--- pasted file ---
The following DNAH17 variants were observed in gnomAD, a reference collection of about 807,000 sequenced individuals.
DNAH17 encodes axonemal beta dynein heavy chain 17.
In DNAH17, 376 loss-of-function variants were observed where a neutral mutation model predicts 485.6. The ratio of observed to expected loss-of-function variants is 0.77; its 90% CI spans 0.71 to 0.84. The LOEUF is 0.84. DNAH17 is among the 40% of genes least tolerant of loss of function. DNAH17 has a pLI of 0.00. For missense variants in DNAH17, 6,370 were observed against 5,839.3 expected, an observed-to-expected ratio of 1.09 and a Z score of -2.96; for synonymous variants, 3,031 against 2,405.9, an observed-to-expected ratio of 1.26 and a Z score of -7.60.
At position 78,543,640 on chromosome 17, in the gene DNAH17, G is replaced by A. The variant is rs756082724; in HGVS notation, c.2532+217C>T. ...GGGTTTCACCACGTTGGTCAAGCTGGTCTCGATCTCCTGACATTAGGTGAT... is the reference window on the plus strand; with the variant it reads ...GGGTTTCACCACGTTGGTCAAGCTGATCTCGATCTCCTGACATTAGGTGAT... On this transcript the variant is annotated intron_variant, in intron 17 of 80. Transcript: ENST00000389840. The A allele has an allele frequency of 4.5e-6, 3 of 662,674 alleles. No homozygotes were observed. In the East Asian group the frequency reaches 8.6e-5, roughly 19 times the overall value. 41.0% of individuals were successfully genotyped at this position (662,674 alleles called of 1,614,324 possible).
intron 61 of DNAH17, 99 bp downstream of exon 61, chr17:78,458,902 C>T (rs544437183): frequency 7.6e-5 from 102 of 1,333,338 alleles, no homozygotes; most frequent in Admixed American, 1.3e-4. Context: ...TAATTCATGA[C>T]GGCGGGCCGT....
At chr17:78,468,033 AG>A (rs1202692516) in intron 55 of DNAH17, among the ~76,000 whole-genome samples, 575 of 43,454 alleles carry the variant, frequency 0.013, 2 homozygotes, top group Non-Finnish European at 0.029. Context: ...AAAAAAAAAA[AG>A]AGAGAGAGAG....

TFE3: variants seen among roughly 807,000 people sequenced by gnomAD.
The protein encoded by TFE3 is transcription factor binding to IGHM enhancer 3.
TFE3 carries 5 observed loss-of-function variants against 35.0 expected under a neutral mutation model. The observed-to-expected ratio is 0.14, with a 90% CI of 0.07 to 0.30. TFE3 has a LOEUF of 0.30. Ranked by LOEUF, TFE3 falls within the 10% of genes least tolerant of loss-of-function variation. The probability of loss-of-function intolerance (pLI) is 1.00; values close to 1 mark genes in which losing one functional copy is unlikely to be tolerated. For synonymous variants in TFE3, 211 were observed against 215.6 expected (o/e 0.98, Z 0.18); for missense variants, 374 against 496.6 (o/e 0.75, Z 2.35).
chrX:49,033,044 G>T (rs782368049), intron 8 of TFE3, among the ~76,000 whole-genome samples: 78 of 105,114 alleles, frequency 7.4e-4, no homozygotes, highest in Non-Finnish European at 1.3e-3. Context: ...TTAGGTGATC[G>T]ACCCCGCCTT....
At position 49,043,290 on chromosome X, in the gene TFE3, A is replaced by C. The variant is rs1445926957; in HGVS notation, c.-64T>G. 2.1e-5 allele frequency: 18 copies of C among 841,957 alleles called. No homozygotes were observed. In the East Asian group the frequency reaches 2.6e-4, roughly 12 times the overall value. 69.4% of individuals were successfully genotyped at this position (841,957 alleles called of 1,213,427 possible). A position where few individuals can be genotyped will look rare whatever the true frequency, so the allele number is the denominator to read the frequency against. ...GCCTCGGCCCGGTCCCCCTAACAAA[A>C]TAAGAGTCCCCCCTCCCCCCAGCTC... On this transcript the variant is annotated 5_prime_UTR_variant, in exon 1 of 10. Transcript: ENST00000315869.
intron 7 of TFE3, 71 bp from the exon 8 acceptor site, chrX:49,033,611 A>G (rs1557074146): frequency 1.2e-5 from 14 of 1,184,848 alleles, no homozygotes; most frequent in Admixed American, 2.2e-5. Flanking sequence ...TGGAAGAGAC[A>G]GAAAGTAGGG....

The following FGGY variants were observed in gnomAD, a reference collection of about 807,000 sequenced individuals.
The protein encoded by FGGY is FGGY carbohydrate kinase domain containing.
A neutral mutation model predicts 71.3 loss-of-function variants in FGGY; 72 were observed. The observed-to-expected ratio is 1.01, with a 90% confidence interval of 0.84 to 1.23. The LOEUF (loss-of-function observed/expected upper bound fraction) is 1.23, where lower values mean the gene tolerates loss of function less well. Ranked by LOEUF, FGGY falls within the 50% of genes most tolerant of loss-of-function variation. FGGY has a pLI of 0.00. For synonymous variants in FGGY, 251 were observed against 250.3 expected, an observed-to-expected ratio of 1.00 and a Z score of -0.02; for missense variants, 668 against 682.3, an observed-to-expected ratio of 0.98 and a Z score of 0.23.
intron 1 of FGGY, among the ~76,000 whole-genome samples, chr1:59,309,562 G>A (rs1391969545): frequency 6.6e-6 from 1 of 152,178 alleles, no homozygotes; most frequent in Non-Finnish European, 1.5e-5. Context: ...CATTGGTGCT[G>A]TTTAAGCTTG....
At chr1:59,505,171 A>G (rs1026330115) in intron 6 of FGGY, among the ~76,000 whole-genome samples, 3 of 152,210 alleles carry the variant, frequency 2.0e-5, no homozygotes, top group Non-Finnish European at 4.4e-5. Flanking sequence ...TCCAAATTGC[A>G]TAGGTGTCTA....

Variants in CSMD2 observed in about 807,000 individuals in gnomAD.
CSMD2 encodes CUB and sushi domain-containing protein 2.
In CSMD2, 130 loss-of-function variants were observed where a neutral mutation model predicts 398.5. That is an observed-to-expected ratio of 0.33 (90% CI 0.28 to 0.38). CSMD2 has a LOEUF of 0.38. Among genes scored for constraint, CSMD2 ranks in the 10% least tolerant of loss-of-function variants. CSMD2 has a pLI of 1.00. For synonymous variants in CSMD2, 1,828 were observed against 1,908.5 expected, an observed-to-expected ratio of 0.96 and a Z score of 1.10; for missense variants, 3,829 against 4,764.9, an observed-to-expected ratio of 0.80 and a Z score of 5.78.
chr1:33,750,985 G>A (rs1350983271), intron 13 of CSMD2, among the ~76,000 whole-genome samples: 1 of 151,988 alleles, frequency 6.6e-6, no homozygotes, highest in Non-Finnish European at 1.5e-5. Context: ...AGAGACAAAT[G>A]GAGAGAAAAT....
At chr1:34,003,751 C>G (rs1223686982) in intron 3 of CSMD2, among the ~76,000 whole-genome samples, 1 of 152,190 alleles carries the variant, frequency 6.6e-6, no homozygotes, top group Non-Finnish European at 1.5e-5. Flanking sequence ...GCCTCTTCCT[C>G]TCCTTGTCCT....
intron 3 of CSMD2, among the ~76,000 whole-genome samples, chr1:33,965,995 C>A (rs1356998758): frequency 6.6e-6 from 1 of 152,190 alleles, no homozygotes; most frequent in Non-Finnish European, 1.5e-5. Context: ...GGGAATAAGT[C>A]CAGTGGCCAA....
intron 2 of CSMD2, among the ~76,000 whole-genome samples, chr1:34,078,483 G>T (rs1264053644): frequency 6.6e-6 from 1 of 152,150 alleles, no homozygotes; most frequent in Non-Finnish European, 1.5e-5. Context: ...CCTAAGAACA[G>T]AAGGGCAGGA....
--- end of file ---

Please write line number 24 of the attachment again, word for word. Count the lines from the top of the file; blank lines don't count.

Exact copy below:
intron 2 of CSMD2, among the ~76,000 whole-genome samples, chr1:34,078,483 G>T (rs1264053644): frequency 6.6e-6 from 1 of 152,150 alleles, no homozygotes; most frequent in Non-Finnish European, 1.5e-5. Context: ...CCTAAGAACA[G>T]AAGGGCAGGA....